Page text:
(Shows me photos of various designs using various shibori and textural techniques)

Another densely pleated design (Photo Courtesy of Dr. Sparks).
Another densely pleated design (Photo Courtesy of Dr. Sparks).

ACP: All of your designs are very experimental. How do you know the risk is going to pay off?

Sparks: I don’t. That’s the hook. Design is an iterative process which means that one works without knowing exactly how the work will evolve. I’m experimenting, and when you’re in the zone where you’re doing something that you don’t know how to do and there’s no information on how to do it, it’s like riding a motorcycle with no helmet.

(She shows me a garment that she and her colleague from Hong Kong, Kinor, worked on together)

One of Sparks' garments that combines both shibori and digital printing techniques (Photo Courtesy of Dr. Sparks).
One of Sparks’ garments that combines both shibori and digital printing techniques (Photo Courtesy of Dr. Sparks).

ACP: How did you meet him [Kinor]?

Sparks: I was invited to teach as a visiting professor for a year at the Hong Kong Polytechnic University. On the first day, I was taken on a tour of a textile library filled with indigo-dyed shibori textiles that he had designed, and the next thing I knew, he was in my office and we began a dialogue.

ACP: Do you think that your collaboration with Kinor helped with the exchange of design perspectives?

Sparks: I have been invested in the Eastern design perspective for many years, and it has been absolutely wonderful to work with Kinor because he is Chinese and has thousands of years of that gene pool, which have formed his design preferences and how he works. I work with a set of aesthetics and intentions that are different than his, but what has been successful, is that he gives me fabrics and I work with them to design garments that are from a different perspective. The collaboration of techniques is rich, on the cutting edge of discovery.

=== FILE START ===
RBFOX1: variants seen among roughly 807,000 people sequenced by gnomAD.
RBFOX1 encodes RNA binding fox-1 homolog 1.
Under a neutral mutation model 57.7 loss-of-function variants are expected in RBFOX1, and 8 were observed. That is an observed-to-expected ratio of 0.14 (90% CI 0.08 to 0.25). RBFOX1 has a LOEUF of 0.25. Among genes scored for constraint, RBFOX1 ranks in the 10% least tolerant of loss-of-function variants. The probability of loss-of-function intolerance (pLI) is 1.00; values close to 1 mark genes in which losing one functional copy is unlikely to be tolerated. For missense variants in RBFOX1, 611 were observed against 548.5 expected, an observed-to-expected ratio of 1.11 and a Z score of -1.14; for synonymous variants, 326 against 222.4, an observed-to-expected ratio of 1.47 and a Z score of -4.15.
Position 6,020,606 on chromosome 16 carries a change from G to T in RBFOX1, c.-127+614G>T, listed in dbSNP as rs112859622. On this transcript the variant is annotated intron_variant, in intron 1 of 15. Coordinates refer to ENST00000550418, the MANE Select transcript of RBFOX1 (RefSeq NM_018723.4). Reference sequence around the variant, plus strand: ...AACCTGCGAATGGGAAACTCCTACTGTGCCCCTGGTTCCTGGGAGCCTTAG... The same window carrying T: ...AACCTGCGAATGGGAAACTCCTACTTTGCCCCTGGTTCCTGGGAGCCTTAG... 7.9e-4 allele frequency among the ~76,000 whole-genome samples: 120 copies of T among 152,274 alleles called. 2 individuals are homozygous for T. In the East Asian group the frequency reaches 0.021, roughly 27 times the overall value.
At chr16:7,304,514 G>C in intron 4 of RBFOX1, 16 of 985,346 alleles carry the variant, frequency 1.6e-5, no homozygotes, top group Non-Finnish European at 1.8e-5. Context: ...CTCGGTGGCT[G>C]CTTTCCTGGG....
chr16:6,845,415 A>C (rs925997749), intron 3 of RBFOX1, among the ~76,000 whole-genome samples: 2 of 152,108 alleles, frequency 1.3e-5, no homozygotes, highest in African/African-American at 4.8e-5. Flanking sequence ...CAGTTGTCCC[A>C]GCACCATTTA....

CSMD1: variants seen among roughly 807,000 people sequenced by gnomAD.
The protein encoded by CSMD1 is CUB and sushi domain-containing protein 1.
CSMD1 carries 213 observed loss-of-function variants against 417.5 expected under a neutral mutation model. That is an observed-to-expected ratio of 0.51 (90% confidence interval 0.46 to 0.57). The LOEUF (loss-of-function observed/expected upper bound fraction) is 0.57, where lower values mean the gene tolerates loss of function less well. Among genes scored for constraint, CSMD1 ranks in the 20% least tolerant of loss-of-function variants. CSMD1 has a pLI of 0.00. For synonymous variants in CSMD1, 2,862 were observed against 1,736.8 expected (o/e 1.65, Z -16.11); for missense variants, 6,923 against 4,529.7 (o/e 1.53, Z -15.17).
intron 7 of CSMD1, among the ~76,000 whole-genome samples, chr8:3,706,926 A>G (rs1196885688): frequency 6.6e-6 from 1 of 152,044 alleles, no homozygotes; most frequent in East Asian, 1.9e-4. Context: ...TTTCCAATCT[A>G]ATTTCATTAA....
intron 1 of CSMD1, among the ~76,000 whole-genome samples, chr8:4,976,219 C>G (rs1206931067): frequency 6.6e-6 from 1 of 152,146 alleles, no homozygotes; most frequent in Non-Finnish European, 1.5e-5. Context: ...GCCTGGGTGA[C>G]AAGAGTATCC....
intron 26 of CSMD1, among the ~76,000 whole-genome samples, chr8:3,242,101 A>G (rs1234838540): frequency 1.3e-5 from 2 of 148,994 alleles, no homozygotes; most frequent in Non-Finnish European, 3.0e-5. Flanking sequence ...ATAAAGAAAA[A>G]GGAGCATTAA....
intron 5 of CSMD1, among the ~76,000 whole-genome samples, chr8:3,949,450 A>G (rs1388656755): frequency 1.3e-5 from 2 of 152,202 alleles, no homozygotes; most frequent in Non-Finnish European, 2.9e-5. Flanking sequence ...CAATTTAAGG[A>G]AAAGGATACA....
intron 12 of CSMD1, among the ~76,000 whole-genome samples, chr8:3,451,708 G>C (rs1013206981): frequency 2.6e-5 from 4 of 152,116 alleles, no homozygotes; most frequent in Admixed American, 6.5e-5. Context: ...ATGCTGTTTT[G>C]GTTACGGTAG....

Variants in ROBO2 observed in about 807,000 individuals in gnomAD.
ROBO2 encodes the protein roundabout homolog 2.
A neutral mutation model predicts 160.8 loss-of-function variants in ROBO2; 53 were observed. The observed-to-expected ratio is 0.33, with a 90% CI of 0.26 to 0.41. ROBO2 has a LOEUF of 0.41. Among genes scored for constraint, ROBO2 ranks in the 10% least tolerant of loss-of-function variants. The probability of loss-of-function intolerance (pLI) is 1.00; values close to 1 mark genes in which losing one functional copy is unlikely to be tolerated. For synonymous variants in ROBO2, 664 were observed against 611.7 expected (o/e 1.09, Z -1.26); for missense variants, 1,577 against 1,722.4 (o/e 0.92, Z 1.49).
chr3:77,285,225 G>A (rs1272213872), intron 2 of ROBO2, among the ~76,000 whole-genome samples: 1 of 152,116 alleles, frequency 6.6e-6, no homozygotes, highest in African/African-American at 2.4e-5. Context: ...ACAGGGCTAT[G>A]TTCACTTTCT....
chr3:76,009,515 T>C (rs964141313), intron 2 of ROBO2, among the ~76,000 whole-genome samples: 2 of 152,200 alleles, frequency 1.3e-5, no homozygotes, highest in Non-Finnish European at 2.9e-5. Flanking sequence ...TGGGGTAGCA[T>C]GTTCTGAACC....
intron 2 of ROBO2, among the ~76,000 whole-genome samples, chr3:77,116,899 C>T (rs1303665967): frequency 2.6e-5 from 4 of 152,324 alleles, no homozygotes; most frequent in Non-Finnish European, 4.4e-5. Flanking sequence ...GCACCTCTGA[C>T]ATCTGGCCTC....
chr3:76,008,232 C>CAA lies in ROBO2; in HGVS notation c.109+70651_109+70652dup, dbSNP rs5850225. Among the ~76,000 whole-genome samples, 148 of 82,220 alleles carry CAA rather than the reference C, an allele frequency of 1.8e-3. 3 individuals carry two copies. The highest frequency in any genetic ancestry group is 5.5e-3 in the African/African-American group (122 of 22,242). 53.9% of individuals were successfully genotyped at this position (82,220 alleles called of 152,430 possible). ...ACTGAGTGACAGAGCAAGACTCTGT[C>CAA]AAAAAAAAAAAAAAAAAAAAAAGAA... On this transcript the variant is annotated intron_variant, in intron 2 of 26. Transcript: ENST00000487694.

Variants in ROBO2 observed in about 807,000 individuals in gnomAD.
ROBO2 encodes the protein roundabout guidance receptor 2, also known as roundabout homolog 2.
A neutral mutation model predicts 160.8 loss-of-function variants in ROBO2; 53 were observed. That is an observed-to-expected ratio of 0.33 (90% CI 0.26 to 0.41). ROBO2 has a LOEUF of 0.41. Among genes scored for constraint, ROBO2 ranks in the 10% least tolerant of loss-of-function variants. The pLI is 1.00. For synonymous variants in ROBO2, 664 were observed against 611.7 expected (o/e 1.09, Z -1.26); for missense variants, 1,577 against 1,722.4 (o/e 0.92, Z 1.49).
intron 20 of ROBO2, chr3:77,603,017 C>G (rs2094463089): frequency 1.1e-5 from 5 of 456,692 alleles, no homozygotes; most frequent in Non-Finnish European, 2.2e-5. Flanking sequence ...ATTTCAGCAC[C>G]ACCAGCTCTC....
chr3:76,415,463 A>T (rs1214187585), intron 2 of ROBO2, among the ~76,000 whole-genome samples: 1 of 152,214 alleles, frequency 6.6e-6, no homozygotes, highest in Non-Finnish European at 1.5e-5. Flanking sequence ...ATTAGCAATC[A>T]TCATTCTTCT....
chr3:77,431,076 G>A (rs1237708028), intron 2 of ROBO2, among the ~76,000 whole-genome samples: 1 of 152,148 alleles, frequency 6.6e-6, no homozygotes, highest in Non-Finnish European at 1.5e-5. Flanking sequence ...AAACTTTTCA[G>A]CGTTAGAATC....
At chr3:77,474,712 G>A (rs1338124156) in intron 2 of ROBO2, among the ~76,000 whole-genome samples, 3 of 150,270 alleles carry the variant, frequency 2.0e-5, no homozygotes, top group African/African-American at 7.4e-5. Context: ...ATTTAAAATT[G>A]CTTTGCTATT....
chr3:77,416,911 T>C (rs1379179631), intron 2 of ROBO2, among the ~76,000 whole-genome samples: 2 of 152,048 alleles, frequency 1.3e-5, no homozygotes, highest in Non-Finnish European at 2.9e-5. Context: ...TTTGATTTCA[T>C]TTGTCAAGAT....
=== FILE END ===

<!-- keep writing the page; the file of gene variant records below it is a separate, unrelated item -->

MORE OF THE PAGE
ACP: What other work are you doing that combining modern and manual techniques?

I am working with graduate students who are, in their own way, doing work that is an examination of tradition techniques and digital techniques to arrive at their own creative scholarship. I have a student from Saudi Arabia working with traditional embroideries. She has taken examples of the embroideries and developed CAD repeat pattern designs, and has created clothing using these printed textiles, using real embroideries on top of the prints for professors in Saudi Arabia. Her thesis research question is: to what extent will these textiles be acceptable for professional wear, as second or third generation iterations of the original stitched embroideries?

ACP: Would people in Saudi Arabia feel offended by the translation of the traditional embroidery into something more modern?

Sparks: What you are alluding to falls under cultural appropriation, and it’s a difficult situation to define or clarify. I was recently reading an article by Susan Scafidi at Fordham University who is a lawyer and specializes in the topic of cultural appropriation. According to her, the rule is that you have to have permission from the culture to use their designs, and if you don’t, it’s wrong.

ACP: How do you have to be aware of this as a professor?

In teaching textile design I encourage students to explore cultures different from their own, read about that design aesthetic and what it symbolizes, look at how the designs use color and shape, and then assign the students to design textiles from that perspective. I have done it for years as a way to give students positive exposure to other approaches to design. While I am using this as a way to broaden cultural awareness and appreciation, the intention does not matter. What does matter is that I work with the students to separate the secular from the sacred, and to make them aware of cultural appropriation.

ACP: Any final thoughts?

Sparks: I am gratified to be deeply invested in multicultural design as a designer, and also as a professor.